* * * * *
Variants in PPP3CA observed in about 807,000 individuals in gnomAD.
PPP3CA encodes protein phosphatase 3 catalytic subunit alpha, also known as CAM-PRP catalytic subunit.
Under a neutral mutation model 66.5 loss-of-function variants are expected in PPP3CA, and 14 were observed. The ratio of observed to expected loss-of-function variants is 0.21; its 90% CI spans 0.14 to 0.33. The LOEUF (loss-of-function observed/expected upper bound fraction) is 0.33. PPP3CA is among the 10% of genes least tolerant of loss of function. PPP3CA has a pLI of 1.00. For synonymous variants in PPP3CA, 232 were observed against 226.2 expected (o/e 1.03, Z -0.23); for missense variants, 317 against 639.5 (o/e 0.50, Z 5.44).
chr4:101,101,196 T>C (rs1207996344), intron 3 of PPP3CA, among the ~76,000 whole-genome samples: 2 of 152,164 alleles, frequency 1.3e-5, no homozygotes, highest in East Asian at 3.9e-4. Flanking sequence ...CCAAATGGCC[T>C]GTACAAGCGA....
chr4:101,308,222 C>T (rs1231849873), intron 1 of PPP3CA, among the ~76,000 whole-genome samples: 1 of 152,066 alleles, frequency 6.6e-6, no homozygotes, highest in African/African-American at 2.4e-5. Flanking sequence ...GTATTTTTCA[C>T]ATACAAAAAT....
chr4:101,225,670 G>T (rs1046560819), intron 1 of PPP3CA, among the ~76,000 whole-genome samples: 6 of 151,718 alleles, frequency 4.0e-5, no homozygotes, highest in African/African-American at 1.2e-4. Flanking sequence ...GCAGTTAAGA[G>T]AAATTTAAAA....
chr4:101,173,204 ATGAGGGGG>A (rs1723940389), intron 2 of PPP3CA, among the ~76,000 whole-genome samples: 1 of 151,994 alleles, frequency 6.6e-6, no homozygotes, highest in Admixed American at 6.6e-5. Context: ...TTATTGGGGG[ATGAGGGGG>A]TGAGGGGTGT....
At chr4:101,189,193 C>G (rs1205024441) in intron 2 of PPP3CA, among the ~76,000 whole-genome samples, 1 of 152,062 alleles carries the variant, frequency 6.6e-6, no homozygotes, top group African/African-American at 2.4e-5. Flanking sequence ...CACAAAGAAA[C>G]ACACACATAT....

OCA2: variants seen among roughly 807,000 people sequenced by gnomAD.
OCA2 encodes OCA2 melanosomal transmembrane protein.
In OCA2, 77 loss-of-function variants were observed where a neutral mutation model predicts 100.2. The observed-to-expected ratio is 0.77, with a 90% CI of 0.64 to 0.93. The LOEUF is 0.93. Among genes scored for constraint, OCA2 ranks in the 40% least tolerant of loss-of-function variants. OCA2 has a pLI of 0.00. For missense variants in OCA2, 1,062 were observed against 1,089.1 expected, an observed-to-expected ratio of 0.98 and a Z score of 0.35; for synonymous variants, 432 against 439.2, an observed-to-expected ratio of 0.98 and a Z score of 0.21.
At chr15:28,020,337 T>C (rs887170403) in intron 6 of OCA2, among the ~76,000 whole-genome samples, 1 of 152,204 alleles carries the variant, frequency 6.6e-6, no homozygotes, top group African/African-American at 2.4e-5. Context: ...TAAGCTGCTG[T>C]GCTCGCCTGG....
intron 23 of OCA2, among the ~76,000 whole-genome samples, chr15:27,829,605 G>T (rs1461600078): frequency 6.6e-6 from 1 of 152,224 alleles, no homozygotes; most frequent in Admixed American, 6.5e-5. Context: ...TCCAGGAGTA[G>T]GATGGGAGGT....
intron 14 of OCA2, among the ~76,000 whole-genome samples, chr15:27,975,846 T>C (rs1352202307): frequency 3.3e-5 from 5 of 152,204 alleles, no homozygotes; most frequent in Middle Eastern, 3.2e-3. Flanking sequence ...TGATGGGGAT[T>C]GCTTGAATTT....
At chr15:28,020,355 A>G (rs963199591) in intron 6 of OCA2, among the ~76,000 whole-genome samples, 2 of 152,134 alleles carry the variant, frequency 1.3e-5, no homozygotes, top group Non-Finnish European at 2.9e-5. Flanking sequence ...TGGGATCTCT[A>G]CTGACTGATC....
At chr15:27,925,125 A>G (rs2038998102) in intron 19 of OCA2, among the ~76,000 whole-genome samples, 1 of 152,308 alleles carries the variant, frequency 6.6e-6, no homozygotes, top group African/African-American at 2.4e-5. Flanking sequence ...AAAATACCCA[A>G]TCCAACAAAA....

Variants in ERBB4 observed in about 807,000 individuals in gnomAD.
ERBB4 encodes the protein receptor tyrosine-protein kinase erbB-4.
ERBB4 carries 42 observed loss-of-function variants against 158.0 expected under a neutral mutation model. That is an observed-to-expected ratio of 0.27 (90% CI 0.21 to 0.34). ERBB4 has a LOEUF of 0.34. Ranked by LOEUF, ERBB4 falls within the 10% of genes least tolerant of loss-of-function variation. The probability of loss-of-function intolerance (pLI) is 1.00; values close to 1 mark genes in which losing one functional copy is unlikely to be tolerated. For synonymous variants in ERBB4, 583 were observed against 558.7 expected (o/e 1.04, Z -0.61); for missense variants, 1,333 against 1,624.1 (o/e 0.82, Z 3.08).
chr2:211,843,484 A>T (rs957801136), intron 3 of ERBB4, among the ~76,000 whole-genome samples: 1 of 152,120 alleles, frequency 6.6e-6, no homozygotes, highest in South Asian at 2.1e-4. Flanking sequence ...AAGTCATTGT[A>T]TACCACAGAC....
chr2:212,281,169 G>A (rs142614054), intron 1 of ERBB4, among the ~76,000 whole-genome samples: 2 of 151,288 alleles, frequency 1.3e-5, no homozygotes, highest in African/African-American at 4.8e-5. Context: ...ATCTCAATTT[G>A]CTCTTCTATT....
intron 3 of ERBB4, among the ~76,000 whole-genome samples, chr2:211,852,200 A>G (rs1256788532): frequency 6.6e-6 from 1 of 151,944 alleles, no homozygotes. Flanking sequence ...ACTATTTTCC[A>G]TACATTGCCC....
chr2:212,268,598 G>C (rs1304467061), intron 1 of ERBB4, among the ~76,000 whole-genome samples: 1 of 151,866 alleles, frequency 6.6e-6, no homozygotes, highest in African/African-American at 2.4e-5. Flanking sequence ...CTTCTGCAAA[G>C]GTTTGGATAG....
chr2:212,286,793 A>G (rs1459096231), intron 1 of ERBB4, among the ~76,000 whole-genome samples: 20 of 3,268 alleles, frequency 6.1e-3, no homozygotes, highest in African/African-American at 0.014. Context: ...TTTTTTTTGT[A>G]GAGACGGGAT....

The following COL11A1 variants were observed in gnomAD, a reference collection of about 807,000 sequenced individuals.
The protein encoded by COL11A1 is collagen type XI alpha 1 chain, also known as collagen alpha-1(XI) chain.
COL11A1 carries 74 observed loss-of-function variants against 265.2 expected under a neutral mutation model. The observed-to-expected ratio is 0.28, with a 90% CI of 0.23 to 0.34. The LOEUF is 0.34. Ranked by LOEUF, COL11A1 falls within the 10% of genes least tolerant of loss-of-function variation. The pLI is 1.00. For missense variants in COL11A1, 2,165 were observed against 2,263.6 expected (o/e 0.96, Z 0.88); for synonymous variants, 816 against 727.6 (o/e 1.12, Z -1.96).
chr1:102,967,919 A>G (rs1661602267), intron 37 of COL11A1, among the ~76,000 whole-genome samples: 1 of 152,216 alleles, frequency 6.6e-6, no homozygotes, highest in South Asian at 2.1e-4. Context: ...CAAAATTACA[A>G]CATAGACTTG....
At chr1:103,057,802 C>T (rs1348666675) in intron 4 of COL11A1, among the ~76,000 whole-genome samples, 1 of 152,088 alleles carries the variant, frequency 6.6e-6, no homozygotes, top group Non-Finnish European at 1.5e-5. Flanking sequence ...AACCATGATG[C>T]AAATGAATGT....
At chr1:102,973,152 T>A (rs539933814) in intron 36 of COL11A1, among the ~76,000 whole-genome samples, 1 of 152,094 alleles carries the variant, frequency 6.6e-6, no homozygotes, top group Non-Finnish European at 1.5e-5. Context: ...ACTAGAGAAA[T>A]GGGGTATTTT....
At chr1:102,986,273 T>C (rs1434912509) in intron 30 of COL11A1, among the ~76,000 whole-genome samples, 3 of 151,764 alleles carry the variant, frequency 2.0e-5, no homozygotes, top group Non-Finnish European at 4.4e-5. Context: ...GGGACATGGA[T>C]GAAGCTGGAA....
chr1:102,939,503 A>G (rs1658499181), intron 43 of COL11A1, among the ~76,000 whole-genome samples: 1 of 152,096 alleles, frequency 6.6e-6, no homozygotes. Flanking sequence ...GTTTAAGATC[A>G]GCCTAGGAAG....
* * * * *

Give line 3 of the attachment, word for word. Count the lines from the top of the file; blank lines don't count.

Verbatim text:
Under a neutral mutation model 66.5 loss-of-function variants are expected in PPP3CA, and 14 were observed. The ratio of observed to expected loss-of-function variants is 0.21; its 90% CI spans 0.14 to 0.33. The LOEUF (loss-of-function observed/expected upper bound fraction) is 0.33. PPP3CA is among the 10% of genes least tolerant of loss of function. PPP3CA has a pLI of 1.00. For synonymous variants in PPP3CA, 232 were observed against 226.2 expected (o/e 1.03, Z -0.23); for missense variants, 317 against 639.5 (o/e 0.50, Z 5.44).